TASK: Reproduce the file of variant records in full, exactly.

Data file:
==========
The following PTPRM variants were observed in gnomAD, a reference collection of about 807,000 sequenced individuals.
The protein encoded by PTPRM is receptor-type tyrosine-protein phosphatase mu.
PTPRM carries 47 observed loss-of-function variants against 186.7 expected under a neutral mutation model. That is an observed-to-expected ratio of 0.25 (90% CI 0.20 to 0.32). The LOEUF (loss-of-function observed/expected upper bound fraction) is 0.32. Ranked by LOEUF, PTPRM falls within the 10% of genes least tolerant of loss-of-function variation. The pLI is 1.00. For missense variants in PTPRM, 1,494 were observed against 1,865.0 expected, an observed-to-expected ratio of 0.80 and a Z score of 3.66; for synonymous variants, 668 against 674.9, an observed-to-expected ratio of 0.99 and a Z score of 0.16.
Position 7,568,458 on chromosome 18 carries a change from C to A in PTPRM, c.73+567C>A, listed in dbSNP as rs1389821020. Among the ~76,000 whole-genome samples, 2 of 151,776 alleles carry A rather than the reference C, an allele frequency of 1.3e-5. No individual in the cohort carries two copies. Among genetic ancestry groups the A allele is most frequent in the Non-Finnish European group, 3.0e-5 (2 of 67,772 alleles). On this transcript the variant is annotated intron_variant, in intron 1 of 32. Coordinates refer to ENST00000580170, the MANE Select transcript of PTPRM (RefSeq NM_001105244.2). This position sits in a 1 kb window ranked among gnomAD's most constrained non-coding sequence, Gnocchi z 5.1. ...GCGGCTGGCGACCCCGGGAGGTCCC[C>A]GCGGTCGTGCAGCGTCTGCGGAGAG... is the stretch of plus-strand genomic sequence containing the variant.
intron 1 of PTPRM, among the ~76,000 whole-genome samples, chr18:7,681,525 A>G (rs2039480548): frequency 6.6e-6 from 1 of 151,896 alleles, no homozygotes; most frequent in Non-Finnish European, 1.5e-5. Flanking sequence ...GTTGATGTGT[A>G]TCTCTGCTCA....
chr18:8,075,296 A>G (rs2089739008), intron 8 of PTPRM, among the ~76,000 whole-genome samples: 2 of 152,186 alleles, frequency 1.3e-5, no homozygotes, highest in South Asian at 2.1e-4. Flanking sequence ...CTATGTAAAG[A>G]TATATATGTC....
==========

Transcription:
The following PTPRM variants were observed in gnomAD, a reference collection of about 807,000 sequenced individuals.
The protein encoded by PTPRM is receptor-type tyrosine-protein phosphatase mu.
PTPRM carries 47 observed loss-of-function variants against 186.7 expected under a neutral mutation model. That is an observed-to-expected ratio of 0.25 (90% CI 0.20 to 0.32). The LOEUF (loss-of-function observed/expected upper bound fraction) is 0.32. Ranked by LOEUF, PTPRM falls within the 10% of genes least tolerant of loss-of-function variation. The pLI is 1.00. For missense variants in PTPRM, 1,494 were observed against 1,865.0 expected, an observed-to-expected ratio of 0.80 and a Z score of 3.66; for synonymous variants, 668 against 674.9, an observed-to-expected ratio of 0.99 and a Z score of 0.16.
Position 7,568,458 on chromosome 18 carries a change from C to A in PTPRM, c.73+567C>A, listed in dbSNP as rs1389821020. Among the ~76,000 whole-genome samples, 2 of 151,776 alleles carry A rather than the reference C, an allele frequency of 1.3e-5. No individual in the cohort carries two copies. Among genetic ancestry groups the A allele is most frequent in the Non-Finnish European group, 3.0e-5 (2 of 67,772 alleles). On this transcript the variant is annotated intron_variant, in intron 1 of 32. Coordinates refer to ENST00000580170, the MANE Select transcript of PTPRM (RefSeq NM_001105244.2). This position sits in a 1 kb window ranked among gnomAD's most constrained non-coding sequence, Gnocchi z 5.1. ...GCGGCTGGCGACCCCGGGAGGTCCC[C>A]GCGGTCGTGCAGCGTCTGCGGAGAG... is the stretch of plus-strand genomic sequence containing the variant.
intron 1 of PTPRM, among the ~76,000 whole-genome samples, chr18:7,681,525 A>G (rs2039480548): frequency 6.6e-6 from 1 of 151,896 alleles, no homozygotes; most frequent in Non-Finnish European, 1.5e-5. Flanking sequence ...GTTGATGTGT[A>G]TCTCTGCTCA....
chr18:8,075,296 A>G (rs2089739008), intron 8 of PTPRM, among the ~76,000 whole-genome samples: 2 of 152,186 alleles, frequency 1.3e-5, no homozygotes, highest in South Asian at 2.1e-4. Flanking sequence ...CTATGTAAAG[A>G]TATATATGTC....